By Mark Hopkins
Prince’s Island Park isn’t air conditioned.
Sure, I knew that, but reality didn’t sink in until a sweltering July afternoon. That morning, I had decided to forgo the car for my trip downtown and embark on a pedestrian adventure.
It was lovely. I nodded cheerfully at morning joggers, relished the sun’s gentle caress and wondered why I didn’t do this more often. On my noontime return, though, the sun wasn’t so gentle. I plodded back across the Prince’s Island pathway, sodden jeans clinging to my sweaty legs as I glared enviously at a pack of bare-chested hula-hoopers.
Approaching my building, I caught sight of my 1997 Honda Accord sitting placidly in its parking spot. Seeing it without me in the driver’s seat was like an out-of-body experience.
I’ve long considered myself a huge proponent of alternative transport—walking, biking, transit, anything but pollution-spewing cash-traps. But, somehow, my car has become an appendage for outings—my transport, my jukebox, my personal climate control.
I don’t like cars. I don’t like to be shut in a cramped metal box emitting a noxious haze from its exhaust pipe, or the rat-race need for constant forward motion. Insurance, gas, maintenance and parking strike a nasty blow to my bank account every month.
On a subsequent air-conditioned trip through the city, I decided that my need to drive wasn’t entirely my fault. Everywhere I turned, there were road expansions and improvements. New communities crop up so far away that they hardly seem part of the same city. How am I supposed to make green transport choices when my city endorses a car culture?
But then I did some research.
In 1995, the City of Calgary developed a Calgary Transportation Plan (CTP) whose priorities included a decreased reliance on cars, more transit, walking and cycling, and an increased inner city population density.
We’re already seeing some results. In 2001, Calgary’s C-Train became the first in the world to be completely wind-powered. Line extensions are underway in the northwest (Crowfoot) and northeast (McKnight to Westwinds), with plans for a southwest line (along 17th Ave. to 69th St.) and a second southeast line (to Douglasdale) by 2023. From 1995 to 2005, transit ridership increased 46 percent. No new downtown arterial roads were added, protecting the integrity of inner-city neighbourhoods.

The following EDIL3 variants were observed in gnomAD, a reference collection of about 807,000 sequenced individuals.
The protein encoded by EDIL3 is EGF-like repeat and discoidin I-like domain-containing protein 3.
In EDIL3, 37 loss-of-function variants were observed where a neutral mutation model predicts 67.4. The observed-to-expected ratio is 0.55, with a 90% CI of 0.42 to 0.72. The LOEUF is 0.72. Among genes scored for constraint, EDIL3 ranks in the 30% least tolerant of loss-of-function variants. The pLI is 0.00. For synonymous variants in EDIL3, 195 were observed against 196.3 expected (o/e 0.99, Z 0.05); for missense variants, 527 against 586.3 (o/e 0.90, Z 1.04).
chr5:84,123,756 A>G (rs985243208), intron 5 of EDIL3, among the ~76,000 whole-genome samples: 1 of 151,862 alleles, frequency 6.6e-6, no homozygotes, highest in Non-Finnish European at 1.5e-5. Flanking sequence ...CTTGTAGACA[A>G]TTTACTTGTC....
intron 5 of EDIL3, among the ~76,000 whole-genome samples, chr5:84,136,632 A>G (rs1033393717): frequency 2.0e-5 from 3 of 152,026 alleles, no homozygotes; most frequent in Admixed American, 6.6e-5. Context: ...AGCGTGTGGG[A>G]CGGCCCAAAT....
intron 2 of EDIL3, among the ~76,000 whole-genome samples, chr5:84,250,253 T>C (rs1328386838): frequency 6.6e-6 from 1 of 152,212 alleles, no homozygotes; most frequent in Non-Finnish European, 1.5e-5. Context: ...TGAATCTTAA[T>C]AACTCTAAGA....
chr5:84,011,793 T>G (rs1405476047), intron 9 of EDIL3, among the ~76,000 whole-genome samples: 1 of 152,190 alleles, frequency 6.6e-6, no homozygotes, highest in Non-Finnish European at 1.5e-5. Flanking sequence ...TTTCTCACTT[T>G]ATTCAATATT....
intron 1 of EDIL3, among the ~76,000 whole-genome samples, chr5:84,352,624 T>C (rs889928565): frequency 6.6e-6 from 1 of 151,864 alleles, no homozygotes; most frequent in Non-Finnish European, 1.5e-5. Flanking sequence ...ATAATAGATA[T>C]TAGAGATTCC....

The city seems to be making all the right moves, but there’s a hitch. A 2005 CTP review noted that while Calgary’s population increased by 24 percent, the city’s developed area increased by 33 percent. Suddenly, an increased population density target flies out the window—but why?
The Canada West Foundation recently produced Looking West, a series of reports based on an early 2007 survey of Calgary, Edmonton, Regina, Saskatoon, Toronto, Vancouver and Winnipeg. It showed that a whopping 74 percent of Calgarians, the largest percentage of any city polled, report concern about urban sprawl— but 76 percent of us also prioritize building up the road system. A huge majority prioritize improvements to transit and reducing traffic congestion, but when the solutions involve user fees or higher taxes, approval ratings plummet.
The problem, it seems, isn’t with the city; it’s with us. Calgarians are worried about transportation, but we don’t want to do a damn thing about it. Why ride bikes when we can drive SUVs? Why settle for a cramped downtown condo when we could have a three-storey house with a backyard and a lake view?
I work from home. I don’t have kids to drive to medical appointments. I live a 10-minute walk to everything. If anyone in Calgary is primed for alternative transportation, I am. Plans are in place to slow Calgary’s alarming rate of sprawl and encourage greener transportation. But until Calgarians get behind those plans, they’re not going to happen.
So will I sell my car? I don’t know. I like the freedom it gives me. I can pick people up from the airport, rescue drunk and stranded friends, haul equipment to theatre venues or help a friend move. I can decide, on a moment’s notice, to head out to Banff for the afternoon.
Even if I keep my car, though, I can reduce my dependence upon it. Airport pick-ups and moves are rare, so why not leave my Accord in its parking spot until I absolutely need it and in the meantime discover Calgary’s pathways?
If I’m surrounded in a car culture, it’s mostly of my own making. It’s time for me—and my fellow Calgarians—to shift out of the fast lane and spend some quality time on the sidewalk.
Mark Hopkins, BA’05, is a regular contributor to Unleashed Opinion. See Mark’s top five albums to listen to while walking around Calgary in U Extra at www.ucalgary.ca/uextra.